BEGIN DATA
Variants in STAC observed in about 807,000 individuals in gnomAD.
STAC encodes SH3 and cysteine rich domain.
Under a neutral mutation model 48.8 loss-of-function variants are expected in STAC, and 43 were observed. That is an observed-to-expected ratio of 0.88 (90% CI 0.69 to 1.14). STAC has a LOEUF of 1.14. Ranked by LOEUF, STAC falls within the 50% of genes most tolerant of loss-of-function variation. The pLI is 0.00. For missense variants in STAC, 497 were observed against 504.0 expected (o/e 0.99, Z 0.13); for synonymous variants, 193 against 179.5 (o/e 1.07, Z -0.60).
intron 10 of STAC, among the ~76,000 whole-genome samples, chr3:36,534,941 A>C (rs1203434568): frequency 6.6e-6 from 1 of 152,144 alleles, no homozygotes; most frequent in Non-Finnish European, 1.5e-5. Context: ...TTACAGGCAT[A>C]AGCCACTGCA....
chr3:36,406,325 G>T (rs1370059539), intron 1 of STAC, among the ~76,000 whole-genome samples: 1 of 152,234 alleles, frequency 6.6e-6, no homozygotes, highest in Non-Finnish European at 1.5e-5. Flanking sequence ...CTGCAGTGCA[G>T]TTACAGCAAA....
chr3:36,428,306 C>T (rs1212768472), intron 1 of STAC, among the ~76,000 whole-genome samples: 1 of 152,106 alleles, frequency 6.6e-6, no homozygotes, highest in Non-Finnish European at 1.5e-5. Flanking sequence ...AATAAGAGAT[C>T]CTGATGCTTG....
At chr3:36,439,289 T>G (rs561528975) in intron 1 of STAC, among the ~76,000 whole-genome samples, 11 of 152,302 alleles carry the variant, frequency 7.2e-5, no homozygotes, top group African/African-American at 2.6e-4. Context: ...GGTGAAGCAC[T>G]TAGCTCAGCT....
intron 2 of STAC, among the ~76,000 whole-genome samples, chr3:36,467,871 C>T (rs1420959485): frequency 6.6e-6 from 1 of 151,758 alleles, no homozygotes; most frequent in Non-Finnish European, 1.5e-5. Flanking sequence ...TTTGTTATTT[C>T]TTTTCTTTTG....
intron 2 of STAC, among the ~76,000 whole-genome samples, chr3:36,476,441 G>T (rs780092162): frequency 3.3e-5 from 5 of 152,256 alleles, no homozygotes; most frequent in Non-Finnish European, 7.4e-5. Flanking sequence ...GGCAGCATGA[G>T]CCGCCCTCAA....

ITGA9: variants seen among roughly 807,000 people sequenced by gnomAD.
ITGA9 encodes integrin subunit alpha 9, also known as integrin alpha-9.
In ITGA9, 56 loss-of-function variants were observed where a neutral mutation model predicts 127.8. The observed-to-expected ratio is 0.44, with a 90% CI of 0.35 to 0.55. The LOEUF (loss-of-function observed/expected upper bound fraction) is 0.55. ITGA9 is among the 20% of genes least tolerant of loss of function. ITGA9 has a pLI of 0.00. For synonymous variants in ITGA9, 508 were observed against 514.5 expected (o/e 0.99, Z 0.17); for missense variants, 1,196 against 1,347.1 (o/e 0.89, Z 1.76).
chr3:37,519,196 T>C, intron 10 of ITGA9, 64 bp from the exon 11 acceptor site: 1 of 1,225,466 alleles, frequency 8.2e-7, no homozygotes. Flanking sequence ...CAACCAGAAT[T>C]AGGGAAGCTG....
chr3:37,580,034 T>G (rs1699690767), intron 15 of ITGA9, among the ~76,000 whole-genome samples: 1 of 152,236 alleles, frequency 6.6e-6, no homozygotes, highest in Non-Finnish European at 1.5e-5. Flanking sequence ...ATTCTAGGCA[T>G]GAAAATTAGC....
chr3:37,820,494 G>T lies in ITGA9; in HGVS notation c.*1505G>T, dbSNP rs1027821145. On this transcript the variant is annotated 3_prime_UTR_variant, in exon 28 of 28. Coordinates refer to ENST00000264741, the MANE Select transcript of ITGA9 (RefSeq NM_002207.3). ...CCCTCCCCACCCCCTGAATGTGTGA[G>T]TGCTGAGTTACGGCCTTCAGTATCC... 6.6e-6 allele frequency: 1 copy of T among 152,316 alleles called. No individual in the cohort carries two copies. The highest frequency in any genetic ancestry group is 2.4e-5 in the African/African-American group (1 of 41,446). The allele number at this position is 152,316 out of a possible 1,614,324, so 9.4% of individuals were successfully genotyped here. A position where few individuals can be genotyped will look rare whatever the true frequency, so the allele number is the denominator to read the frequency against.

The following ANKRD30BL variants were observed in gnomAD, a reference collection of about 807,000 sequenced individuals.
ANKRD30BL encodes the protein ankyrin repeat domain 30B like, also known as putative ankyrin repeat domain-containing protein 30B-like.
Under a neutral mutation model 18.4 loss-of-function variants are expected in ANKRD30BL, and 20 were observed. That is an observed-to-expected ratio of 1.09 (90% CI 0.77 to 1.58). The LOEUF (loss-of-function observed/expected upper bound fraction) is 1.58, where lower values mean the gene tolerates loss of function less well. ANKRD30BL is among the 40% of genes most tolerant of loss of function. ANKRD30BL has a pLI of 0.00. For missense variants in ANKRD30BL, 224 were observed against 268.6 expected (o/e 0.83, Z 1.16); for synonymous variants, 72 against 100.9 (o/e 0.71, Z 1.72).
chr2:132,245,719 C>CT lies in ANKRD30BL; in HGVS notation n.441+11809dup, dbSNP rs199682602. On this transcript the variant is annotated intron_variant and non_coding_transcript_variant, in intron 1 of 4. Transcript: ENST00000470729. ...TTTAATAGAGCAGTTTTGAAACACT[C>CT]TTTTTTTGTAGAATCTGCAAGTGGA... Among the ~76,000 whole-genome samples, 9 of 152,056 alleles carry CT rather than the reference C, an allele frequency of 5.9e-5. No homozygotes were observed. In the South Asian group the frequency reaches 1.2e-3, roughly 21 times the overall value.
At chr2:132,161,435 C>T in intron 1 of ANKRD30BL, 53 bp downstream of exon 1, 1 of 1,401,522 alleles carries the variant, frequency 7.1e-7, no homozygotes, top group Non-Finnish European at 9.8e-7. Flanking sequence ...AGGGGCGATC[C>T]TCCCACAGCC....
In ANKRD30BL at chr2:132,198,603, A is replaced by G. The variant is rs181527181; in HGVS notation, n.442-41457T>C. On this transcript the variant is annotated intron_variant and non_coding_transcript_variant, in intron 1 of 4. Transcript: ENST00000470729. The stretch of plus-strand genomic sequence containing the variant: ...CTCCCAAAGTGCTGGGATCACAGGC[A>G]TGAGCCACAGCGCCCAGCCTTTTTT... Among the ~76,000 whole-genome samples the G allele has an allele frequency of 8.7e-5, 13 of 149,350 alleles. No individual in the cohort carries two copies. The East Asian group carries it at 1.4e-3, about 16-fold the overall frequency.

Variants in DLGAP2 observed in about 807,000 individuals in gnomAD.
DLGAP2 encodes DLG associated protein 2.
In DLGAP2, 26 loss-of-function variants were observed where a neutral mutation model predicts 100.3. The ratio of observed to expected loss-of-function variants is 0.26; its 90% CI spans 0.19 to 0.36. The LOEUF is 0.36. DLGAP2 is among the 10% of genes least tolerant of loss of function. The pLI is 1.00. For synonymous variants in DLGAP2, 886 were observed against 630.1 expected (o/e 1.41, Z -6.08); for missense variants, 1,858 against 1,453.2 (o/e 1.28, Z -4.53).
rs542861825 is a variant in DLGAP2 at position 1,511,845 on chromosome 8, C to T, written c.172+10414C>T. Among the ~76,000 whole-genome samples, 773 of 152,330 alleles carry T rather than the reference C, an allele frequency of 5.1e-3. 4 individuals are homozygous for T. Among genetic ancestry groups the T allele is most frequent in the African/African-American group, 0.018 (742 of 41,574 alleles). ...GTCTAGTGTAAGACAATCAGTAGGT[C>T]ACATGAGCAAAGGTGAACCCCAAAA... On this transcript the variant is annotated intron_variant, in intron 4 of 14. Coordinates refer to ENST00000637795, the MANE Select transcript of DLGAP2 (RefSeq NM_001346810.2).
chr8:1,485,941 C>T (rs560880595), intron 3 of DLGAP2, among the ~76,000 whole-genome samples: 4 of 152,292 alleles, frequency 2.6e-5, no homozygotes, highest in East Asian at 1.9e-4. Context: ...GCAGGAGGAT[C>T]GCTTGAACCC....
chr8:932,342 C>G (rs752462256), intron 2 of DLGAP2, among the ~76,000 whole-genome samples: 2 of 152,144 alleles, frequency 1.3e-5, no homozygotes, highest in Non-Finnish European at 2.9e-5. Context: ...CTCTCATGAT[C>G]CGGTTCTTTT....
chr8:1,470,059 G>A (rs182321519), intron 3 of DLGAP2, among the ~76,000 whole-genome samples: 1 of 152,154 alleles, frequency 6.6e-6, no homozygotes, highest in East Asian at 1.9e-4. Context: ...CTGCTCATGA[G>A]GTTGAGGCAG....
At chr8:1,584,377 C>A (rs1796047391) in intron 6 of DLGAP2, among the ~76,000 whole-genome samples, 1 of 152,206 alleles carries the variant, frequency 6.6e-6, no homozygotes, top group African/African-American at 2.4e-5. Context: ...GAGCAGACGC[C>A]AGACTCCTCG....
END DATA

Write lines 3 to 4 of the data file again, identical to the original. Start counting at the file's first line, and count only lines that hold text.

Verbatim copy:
Under a neutral mutation model 48.8 loss-of-function variants are expected in STAC, and 43 were observed. That is an observed-to-expected ratio of 0.88 (90% CI 0.69 to 1.14). STAC has a LOEUF of 1.14. Ranked by LOEUF, STAC falls within the 50% of genes most tolerant of loss-of-function variation. The pLI is 0.00. For missense variants in STAC, 497 were observed against 504.0 expected (o/e 0.99, Z 0.13); for synonymous variants, 193 against 179.5 (o/e 1.07, Z -0.60).
intron 10 of STAC, among the ~76,000 whole-genome samples, chr3:36,534,941 A>C (rs1203434568): frequency 6.6e-6 from 1 of 152,144 alleles, no homozygotes; most frequent in Non-Finnish European, 1.5e-5. Context: ...TTACAGGCAT[A>C]AGCCACTGCA....